i dont go clubbing, to events or malls, the appeal of these things wore off a long time ago, i see alot of newbies show up and instally want to friend you off the bat, sl isnt facebook or my space, and this always irks me a bit, they see how old i am, date wise and think that i can teach them about sl, i used to enjoy it, even newbies can get annoying.
i am a sl junkie - but at least i know i am :)

Zero Calael

This is an excellent primer for those who may be suffering from SL "addiction," possibly without even realizing it. There can be a fine line between compulsive behavior and healthy immersion in a hobby or past time. The identifiers described in the article should help people sort that out for themselves.

If you haven't seen it, the documentary "Second Skin" is definitely worth watching for more information about this topic. It shows rather vividly just what happens when virtual immersion becomes compulsive. People lose relationships, jobs, houses, self-respect, and even their very lives.

I've suffered as you have, Nightflower, and I've had to make some hard choices about participating in virtual worlds. Making those choices, though, has made a tremendous difference in my life, for the better.

I look forward to hearing more about your journey toward recovery, and I thank you for your honesty and courage in sharing this very personal experience with others.


A brief review of the evidence on internet addiction - http://wp.me/p4QUI-r3


If any one wants therapy , you can come to my office and for L$2000 for 15 mins ill tell you how it is.

Ignatius Onomatopoeia

Thank you, Night, for another honest an insightful post. Did you read the NYT piece about teenagers, their mobile devices, and changes in study and sleep habits?


If it were just gamers and VW addicts, we'd not be in crisis. Most of my students are "augementationist" types who disdain gaming and VWs (hurts their careers). Yet whenever we bring up their habits of use in class, they'll admit freely that their texting and Facebook usage hurts their grades, their sleep, their ability to exercise. Even the gentle exercise of walking cannot be done without texting...it's getting to be every third student crossing campus "typing and walking."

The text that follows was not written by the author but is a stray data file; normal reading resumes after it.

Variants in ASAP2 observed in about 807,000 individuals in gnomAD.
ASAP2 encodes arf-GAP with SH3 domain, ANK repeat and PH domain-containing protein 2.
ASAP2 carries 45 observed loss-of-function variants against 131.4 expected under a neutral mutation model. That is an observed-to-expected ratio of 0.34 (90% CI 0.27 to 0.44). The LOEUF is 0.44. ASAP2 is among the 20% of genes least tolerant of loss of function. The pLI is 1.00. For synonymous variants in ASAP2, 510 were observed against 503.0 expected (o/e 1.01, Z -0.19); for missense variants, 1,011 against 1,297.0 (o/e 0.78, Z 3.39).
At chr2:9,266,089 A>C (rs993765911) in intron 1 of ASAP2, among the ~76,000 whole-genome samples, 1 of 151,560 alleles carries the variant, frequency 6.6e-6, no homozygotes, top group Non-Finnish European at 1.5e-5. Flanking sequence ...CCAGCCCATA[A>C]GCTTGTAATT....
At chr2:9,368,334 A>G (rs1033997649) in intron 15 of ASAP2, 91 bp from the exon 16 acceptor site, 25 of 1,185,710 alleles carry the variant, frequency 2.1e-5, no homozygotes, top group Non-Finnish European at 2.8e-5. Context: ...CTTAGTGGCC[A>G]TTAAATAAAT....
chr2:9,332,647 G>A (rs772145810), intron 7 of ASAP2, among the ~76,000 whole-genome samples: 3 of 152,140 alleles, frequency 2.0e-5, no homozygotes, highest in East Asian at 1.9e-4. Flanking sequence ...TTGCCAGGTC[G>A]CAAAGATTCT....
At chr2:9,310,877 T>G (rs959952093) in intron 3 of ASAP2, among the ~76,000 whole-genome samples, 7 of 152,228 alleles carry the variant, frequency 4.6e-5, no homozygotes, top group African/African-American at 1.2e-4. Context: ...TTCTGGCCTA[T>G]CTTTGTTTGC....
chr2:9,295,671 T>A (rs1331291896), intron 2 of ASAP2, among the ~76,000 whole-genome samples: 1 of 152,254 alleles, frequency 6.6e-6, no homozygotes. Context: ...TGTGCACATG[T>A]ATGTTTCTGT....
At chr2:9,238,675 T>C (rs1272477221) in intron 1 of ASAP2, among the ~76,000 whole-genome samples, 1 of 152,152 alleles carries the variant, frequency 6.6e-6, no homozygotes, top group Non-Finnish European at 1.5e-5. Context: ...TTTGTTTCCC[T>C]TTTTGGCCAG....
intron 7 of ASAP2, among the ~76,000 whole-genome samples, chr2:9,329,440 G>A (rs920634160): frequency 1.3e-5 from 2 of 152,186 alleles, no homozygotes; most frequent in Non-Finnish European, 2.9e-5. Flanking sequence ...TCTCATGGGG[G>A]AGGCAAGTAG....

At the very moment we have tamed the television, so we can watch what we want whenever we want, here comes interactive media with the newest and even more addictive version of Neil Postman's "And Now This!" narcotic.


From what I have read, Second Life is very addictive. The social environment is the one factor that keeps people up late at nights. Some don't even sleep at night just to play.


I would say SL has its place but it is very easy to spiral out of. The enviroment itself keeps you connected to a variety of people who if you work in a club, etc. with might make you feel like you need to be there to support them. This obligation feeling for people youll never see outside the game helps lock people in.

Also, people who are shy, etc. tend to lock in easily as its not the real them being shown. They dont get judged on looks, or on other factors themselves which makes it easy for them to connect and even live in that kind of envoriment. I myself am working towards realizing these things.

I think to break it or at least train the mind to accept only 1 hour a day of it, must first start with using more positive activities in place of the negative one.


Thank you for your honesty, Night. I too have left SL. For me, the problem was the deception, lies, secrets and trying to convince myself that the romance etc was not adultery. I feel horrible about it now but is very easy to be sucked into that kind of life enjoying virtual marriage and children and actually believe that it is ok. It's something the way I felt betrayed inworld when the person I cared for ditched me but I didn't mind doing it to the person in rl. I'm glad I left and I am never going back. I'll live out my dreams in rl and enjoy my sleep. The price one may have to pay is not worth it.